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UBC Theses and Dissertations

Meta-analysis of family-centered positive behaviour support with families of children with developmental disabilities and problem behaviour Gao, Xin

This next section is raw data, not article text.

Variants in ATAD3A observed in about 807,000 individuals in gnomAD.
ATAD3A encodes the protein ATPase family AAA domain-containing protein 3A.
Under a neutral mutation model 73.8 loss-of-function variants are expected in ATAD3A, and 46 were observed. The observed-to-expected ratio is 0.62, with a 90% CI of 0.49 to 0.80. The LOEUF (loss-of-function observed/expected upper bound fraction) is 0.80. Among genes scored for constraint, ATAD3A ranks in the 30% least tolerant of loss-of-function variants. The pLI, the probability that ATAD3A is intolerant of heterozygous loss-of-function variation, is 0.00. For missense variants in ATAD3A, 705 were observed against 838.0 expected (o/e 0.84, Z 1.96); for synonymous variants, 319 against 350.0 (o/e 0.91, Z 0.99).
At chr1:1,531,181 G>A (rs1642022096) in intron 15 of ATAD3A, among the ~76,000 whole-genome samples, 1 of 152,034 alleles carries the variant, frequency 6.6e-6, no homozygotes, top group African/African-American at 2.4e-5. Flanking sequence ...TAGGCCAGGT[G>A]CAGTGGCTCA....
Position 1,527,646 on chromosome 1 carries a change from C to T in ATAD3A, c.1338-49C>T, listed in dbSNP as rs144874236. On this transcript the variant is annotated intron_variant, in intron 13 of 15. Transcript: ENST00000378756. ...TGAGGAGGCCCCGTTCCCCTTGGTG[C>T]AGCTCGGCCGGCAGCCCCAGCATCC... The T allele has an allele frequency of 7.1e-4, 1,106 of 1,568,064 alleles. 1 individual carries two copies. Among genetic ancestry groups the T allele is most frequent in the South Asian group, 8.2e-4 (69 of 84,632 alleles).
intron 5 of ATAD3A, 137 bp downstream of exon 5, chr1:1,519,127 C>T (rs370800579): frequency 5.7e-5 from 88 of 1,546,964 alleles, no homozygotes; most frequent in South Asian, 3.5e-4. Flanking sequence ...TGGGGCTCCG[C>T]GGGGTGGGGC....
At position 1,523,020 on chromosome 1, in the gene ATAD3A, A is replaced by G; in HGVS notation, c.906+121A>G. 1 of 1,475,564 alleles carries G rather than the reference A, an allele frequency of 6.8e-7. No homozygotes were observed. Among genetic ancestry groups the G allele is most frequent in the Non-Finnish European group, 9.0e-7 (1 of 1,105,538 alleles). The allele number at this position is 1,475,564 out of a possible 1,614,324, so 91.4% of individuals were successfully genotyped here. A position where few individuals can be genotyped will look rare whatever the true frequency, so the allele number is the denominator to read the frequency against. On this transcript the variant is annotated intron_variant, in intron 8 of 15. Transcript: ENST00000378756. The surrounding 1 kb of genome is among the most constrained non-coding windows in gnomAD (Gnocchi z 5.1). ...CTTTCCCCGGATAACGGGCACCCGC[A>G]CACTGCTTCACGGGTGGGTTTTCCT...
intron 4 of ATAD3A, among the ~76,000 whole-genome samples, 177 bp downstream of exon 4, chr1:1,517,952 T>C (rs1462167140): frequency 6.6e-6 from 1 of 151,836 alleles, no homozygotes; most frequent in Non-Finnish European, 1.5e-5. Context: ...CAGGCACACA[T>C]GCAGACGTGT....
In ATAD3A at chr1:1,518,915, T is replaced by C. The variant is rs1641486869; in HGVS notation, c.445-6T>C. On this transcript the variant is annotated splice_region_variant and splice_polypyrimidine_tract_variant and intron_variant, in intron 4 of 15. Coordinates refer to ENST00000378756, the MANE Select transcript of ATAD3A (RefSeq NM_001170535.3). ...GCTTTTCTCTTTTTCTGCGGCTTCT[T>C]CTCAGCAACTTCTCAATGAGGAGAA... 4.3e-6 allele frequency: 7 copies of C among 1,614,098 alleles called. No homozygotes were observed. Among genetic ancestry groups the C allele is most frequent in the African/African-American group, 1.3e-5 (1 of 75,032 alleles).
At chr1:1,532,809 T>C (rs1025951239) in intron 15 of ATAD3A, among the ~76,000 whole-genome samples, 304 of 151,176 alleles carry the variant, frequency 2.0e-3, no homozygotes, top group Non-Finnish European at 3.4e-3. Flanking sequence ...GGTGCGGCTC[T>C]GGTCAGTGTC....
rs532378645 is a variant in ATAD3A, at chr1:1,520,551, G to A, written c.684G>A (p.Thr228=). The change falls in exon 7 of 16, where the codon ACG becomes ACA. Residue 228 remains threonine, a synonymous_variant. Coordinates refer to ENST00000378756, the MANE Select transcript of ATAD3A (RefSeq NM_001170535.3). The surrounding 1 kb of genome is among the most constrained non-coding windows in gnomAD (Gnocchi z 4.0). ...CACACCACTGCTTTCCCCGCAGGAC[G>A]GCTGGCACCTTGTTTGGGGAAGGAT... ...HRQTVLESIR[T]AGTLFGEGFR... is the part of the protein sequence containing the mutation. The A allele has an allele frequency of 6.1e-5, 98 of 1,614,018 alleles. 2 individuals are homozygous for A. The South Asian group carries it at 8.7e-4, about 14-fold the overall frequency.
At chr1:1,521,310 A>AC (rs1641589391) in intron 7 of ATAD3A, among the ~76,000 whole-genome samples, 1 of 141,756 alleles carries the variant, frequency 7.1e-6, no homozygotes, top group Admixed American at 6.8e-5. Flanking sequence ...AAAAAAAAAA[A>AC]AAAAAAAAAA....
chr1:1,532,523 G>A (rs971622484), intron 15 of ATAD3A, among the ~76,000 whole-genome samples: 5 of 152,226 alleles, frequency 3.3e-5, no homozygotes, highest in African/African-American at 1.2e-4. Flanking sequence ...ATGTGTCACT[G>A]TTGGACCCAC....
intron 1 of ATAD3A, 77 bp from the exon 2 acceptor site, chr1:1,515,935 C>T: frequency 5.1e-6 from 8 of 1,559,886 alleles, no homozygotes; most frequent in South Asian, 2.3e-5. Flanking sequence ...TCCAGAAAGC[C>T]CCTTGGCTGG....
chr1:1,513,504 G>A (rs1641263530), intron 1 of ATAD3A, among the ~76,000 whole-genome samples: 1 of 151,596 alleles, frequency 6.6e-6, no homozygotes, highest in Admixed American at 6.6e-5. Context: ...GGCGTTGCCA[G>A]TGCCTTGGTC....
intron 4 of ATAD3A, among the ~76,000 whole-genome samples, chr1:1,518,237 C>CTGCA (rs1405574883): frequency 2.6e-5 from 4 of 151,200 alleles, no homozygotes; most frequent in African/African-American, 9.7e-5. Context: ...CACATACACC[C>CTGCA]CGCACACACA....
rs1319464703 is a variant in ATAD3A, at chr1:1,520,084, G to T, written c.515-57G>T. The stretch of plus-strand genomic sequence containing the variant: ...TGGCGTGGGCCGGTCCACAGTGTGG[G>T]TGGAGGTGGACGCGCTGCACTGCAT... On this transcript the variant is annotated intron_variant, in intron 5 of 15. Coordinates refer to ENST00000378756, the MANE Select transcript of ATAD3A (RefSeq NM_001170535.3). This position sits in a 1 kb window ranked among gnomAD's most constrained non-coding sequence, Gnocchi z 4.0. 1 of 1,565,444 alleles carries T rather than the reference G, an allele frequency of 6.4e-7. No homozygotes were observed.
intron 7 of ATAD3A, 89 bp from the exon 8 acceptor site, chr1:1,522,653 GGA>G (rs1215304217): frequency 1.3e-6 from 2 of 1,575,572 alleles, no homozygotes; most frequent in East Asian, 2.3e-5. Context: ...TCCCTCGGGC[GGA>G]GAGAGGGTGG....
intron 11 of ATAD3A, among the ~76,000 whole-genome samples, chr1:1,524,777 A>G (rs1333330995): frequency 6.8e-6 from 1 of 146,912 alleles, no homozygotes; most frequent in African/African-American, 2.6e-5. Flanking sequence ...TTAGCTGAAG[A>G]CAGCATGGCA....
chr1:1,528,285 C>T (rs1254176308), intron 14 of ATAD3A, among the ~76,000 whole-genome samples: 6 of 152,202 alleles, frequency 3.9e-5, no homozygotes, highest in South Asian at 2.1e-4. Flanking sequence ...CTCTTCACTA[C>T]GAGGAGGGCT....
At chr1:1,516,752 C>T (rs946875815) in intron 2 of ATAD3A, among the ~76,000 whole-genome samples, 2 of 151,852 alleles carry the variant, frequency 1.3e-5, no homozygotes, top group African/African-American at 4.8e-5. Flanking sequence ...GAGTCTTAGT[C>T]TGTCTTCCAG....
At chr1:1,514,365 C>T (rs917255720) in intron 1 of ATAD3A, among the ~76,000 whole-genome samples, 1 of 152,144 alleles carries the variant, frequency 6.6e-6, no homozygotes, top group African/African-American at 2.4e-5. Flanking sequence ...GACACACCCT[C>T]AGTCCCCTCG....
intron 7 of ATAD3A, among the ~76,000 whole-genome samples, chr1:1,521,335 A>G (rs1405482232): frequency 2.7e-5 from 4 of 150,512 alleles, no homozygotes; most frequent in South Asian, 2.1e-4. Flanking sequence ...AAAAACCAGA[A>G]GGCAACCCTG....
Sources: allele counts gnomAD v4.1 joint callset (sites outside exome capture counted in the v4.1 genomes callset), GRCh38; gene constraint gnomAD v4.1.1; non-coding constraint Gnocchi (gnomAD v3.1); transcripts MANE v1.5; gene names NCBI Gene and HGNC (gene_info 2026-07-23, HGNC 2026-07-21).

Children with developmental disabilities often engage in problem behaviour. Problem behaviour has a pervasive and disruptive effect on children’s development and family quality of life. Family-centered Positive Behaviour Support (FCPBS) integrates core features of a positive behaviour support approach (e.g., functional assessment, multicomponent behaviour support plan, contextual fit) and family centered service delivery (e.g., family as unit of attention, collaborative partnership, family empowerment) into a behavioural support service delivery model that aims to improve child behaviour and child and family quality of life. The primary purpose of this study was to conduct a meta-analysis to examine the overall effect of FCPBS across 30 included studies published between 1997 to 2019. The secondary purpose was to evaluate the rigor of the 30 included studies based on What Works Clearinghouse (WWC) design and evidence standards for single case research, and to determine if FCPBS meets criteria necessary to be categorized as an empirically supported treatment (EST). In addition, a moderator analysis was conducted to determine whether there were effect size differences across the moderating variables of age, gender, disability category and WWC rigor evaluation. Result showed that FCPBS is effective at reducing problem behaviour of children with developmental disabilities and increasing their appropriate behavior and/or positive engagement. Result also showed that 12 of the 30 included FCPBS studies (40%) met WWC design and evidence standards. The WWC 5-3-20 criteria for an EST indicated that the first two criterion were met (i.e., 12 studies across 6 research groups and 7 locations) but the third criterion was approached but not met, indicating that FCPBS is an emerging rather than established EST. Results are discussed in terms of relation to the literature, limitations and future directions.

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